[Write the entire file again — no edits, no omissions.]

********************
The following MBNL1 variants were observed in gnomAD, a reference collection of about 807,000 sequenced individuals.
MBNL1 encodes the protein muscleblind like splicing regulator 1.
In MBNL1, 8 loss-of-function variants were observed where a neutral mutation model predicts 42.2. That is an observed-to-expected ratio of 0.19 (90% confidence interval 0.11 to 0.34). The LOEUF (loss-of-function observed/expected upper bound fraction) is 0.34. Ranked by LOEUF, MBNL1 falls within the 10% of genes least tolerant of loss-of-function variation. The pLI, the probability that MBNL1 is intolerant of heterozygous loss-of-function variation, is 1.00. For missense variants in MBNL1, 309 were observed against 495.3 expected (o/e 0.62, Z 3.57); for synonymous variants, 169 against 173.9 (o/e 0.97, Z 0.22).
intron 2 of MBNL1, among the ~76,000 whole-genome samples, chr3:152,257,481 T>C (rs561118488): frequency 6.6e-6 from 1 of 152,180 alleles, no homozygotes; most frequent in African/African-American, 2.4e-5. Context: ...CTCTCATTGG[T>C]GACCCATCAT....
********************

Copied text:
The following MBNL1 variants were observed in gnomAD, a reference collection of about 807,000 sequenced individuals.
MBNL1 encodes the protein muscleblind like splicing regulator 1.
In MBNL1, 8 loss-of-function variants were observed where a neutral mutation model predicts 42.2. That is an observed-to-expected ratio of 0.19 (90% confidence interval 0.11 to 0.34). The LOEUF (loss-of-function observed/expected upper bound fraction) is 0.34. Ranked by LOEUF, MBNL1 falls within the 10% of genes least tolerant of loss-of-function variation. The pLI, the probability that MBNL1 is intolerant of heterozygous loss-of-function variation, is 1.00. For missense variants in MBNL1, 309 were observed against 495.3 expected (o/e 0.62, Z 3.57); for synonymous variants, 169 against 173.9 (o/e 0.97, Z 0.22).
intron 2 of MBNL1, among the ~76,000 whole-genome samples, chr3:152,257,481 T>C (rs561118488): frequency 6.6e-6 from 1 of 152,180 alleles, no homozygotes; most frequent in African/African-American, 2.4e-5. Context: ...CTCTCATTGG[T>C]GACCCATCAT....